Mpls continues contract with Life Time Fitness

Life Time does not provide benefits to employees’ domestic partners.

Ashley Aram

Unlike spouses of Life Time Fitness employees, domestic partners donâÄôt get benefits âÄî a policy that clashes with a Minneapolis ordinance.
But the city made an exemption to the rule and pays $460,400 each year for city employees, like firefighters and police, to use the fitness center. Last week, the Minneapolis City Council questioned that exemption.
âÄúIf weâÄôre going to be spending hundreds of thousands of dollars on these contracts, then we want these companies to abide by our ordinances and certain social standards that we consider so important,âÄù said Minneapolis City Councilman Cam Gordon, who voted against granting the waiver Friday.
But he was in minority, and the council voted to continue its contract with Life Time.
âÄúWe provide these services to the sworn folks who have to stay in shape to do their job,âÄù said City Council President Barbara Johnson. âÄúThat was the gym that they preferred. We had an obligation to respect their decision.âÄù
Some City Councilmembers are disappointed in the decision not to follow the ordinance. It defines domestic partners as two unrelated and unmarried adults who are committed to each other.
Domestic benefits have become widespread in the corporate world. According to the Human Rights Campaign,  an organization that advocates for equal marriage rights, more than half of Fortune 500 companies offer domestic benefits to their employers.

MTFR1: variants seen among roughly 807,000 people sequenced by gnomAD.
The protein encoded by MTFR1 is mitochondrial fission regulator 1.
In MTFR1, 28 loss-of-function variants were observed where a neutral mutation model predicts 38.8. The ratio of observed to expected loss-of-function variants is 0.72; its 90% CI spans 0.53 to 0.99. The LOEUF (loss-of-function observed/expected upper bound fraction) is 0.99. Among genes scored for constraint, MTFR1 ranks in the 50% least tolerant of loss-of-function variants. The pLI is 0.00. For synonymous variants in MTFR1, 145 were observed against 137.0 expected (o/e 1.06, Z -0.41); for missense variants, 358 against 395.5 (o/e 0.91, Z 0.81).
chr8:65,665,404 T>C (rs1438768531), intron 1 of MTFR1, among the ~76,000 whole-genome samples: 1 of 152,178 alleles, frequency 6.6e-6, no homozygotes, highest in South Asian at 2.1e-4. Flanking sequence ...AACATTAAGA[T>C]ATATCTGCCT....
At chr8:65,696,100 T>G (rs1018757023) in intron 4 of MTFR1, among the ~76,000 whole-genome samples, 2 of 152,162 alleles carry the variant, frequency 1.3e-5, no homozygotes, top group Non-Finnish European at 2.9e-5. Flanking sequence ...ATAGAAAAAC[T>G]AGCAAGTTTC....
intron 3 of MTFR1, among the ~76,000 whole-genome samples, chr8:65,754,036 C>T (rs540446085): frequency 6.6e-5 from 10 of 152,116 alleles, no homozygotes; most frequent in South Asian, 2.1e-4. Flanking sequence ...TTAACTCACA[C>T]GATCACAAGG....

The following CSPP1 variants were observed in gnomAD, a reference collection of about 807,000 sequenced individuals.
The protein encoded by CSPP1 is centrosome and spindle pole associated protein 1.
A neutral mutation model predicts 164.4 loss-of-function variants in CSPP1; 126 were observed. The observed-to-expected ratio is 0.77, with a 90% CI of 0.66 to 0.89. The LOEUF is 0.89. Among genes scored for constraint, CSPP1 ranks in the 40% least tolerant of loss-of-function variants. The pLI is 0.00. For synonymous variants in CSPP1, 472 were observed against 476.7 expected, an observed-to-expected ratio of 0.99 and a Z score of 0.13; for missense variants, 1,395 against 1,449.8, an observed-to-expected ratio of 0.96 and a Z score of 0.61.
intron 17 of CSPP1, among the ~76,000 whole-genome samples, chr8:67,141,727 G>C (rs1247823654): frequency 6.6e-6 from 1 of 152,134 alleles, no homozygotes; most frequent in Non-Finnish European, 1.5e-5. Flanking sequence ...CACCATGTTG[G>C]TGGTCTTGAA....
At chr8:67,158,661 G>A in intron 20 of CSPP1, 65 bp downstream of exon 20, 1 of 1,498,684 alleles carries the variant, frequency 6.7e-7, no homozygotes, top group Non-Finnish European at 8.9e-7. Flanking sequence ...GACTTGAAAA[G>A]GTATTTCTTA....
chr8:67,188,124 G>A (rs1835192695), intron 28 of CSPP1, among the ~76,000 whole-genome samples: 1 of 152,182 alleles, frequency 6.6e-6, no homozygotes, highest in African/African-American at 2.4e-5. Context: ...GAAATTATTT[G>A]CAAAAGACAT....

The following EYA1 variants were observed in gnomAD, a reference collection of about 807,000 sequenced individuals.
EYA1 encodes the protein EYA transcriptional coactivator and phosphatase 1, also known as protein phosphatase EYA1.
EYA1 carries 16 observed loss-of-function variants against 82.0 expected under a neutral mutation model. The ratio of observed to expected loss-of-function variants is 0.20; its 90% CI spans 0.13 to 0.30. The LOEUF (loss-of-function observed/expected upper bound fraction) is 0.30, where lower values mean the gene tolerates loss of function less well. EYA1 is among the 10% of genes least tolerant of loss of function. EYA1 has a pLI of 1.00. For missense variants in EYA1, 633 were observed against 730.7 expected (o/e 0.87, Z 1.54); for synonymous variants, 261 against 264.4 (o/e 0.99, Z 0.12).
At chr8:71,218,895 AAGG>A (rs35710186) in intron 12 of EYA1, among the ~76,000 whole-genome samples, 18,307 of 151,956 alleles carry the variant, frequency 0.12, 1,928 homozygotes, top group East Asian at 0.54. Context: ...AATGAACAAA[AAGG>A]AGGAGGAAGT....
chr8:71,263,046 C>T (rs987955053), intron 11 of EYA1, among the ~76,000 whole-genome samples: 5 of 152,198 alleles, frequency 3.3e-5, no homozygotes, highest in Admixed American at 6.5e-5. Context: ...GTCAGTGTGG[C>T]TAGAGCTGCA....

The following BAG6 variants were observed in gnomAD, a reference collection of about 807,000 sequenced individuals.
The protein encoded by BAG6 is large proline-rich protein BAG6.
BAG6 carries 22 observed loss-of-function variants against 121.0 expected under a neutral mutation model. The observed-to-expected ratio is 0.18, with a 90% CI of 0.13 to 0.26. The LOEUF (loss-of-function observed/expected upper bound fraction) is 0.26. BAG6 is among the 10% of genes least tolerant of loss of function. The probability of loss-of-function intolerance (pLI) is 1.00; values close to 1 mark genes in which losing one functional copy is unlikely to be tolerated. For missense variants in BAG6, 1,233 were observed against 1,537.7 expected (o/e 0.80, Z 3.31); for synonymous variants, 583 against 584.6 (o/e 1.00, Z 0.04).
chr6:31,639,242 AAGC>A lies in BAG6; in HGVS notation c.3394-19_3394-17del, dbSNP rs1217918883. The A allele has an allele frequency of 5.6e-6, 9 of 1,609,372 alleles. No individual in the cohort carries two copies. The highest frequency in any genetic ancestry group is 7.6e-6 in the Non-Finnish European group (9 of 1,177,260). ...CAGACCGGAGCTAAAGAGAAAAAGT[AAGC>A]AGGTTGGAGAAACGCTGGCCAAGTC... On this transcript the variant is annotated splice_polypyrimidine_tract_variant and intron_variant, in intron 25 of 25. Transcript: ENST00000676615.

For Gordon, irony lies in the fact that Minneapolis canâÄôt grant the domestic partners of city employees the benefits that it expects of Life Time.
âÄúWe tried to give [domestic] benefits for city employees a while ago, but the state said we canâÄôt do that,âÄù Gordon  said.
For University of Minnesota student Sean McClay, who is a member and a former employee of Life Time, the lack of domestic benefits is hypocritical.
âÄúFor a company whose vision statement is to support a âÄòhealthy way of life companyâÄô and brand, not extending health benefits to someoneâÄôs family is pretty low,âÄù McClay  said.
Life Time was not available for comment.
FridayâÄôs decision came down to what employees wanted, Johnson said .
âÄúI had a communication from a couple of police officers, and one of them is a woman who has worked in my ward for many years,âÄù Johnson  said.
The woman, who is gay, told Johnson she felt the city should keep its contract with Life Time because it could provide the most facilities to the most people.
âÄúSheâÄôs in a committed relationship, and she didnâÄôt have a problem with it,âÄù Johnson said.
Gordon  said he hopes the challenge to the cityâÄôs contract with Life Time has at least raised some awareness.
âÄúWe missed an opportunity here, but at least it raised the issue,âÄù Gordon  said. âÄúWe need to look more carefully at some of our contracts, because we might have contracts with [other] people who donâÄôt offer that.âÄù